Unintended weight loss and anorexia (the loss of appetite or desire to eat) in patients with cancer is associated with decreased performance status, reduced response and tolerance to treatment, decreased survival, and reduced quality of life. Proactive nutrition screening for changes in body weight and decreased appetite and/or intake throughout the continuum of care is vital for improving patient outcomes.
Initial intervention strategies should include referral to a registered dietitian nutritionist and identification and management of contributing factors as treatment-related alterations in gastrointestinal (GI) function (e.g., nausea, constipation, diarrhea, mucositis, early satiety, taste changes) and the effects of supportive medications on the GI tract (e.g., opioids, antibiotics, antiemetics). However, if unintended weight loss and decreased appetite continue, the use pharmacologic agents should be considered. The following pharmacologic agents have been shown to have effectiveness in the management of anorexia and stimulating appetite in patients with cancer.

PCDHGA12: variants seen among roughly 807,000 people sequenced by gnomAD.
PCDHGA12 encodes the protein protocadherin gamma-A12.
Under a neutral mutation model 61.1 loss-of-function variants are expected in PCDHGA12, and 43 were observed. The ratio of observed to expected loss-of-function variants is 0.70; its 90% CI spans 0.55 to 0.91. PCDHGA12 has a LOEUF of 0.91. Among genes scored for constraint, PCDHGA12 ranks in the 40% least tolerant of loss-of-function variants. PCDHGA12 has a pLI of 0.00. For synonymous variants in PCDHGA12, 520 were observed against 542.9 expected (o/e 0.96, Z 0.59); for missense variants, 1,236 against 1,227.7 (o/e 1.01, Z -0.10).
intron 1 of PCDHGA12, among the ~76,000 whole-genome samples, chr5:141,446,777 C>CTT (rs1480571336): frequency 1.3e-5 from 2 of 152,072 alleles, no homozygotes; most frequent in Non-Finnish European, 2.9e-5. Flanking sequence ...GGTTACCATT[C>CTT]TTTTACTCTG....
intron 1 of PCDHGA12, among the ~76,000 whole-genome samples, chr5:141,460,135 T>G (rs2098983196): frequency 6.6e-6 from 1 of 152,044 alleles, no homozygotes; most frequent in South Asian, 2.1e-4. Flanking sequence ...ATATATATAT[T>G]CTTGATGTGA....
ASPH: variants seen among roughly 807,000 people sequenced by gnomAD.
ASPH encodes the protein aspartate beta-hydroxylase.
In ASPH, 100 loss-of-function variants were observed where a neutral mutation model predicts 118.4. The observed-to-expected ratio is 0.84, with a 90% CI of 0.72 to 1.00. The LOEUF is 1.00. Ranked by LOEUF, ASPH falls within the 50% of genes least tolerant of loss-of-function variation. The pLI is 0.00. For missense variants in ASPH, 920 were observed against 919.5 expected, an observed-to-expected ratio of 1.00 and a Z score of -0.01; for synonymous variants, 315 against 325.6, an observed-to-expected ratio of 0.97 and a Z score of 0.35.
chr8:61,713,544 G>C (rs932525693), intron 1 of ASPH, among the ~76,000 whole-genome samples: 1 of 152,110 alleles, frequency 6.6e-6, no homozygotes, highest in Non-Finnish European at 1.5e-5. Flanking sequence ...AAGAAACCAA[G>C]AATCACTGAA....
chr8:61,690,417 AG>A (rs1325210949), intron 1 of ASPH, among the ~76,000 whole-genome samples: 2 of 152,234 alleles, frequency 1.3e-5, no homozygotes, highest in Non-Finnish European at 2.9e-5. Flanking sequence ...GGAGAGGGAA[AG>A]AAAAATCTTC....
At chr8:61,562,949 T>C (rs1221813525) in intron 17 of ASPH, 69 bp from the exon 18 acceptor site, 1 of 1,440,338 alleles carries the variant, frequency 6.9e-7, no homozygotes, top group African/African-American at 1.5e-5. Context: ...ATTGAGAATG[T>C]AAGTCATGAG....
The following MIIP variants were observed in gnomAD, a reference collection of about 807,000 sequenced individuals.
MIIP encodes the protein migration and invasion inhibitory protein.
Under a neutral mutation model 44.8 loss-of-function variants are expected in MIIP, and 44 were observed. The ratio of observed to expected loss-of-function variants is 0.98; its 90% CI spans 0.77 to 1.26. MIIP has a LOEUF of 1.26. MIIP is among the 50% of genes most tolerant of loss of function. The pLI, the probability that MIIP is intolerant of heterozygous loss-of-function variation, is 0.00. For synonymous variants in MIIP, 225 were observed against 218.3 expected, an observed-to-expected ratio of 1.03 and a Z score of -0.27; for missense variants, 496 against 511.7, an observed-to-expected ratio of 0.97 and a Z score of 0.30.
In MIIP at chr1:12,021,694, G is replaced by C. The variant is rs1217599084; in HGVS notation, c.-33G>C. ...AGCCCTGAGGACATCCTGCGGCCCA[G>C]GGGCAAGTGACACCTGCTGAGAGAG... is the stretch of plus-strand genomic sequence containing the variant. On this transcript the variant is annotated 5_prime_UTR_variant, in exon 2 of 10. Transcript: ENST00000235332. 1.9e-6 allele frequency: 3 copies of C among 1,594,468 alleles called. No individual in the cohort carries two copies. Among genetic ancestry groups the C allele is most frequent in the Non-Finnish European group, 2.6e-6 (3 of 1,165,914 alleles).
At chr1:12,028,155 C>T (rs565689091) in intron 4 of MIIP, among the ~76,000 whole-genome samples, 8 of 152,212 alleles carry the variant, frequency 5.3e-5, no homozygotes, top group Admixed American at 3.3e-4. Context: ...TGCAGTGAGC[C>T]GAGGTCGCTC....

- Corticosterioids: dexamethasone, methylprednisolone, prednisolone
- Progestiantional agents: megestrol acetate, medroxyprogesterone acetate
Although the prokinetic agent metoclopramide does not directly improve appetite, it has been found to be effective for decreasing nausea and early satiety by stimulating gut motility. Of note, mitrazapine is currently under investigation by the National Cancer Institute to see if its use can improve appetite in patients with advanced cancer experiencing anorexia and weight loss.
Barbara L. Grant, MS, RDN, CSO, FAND, is the oncology outpatient registered dietitian nutritionist at Saint Alphonsus Cancer Care Center in Boise, Idaho.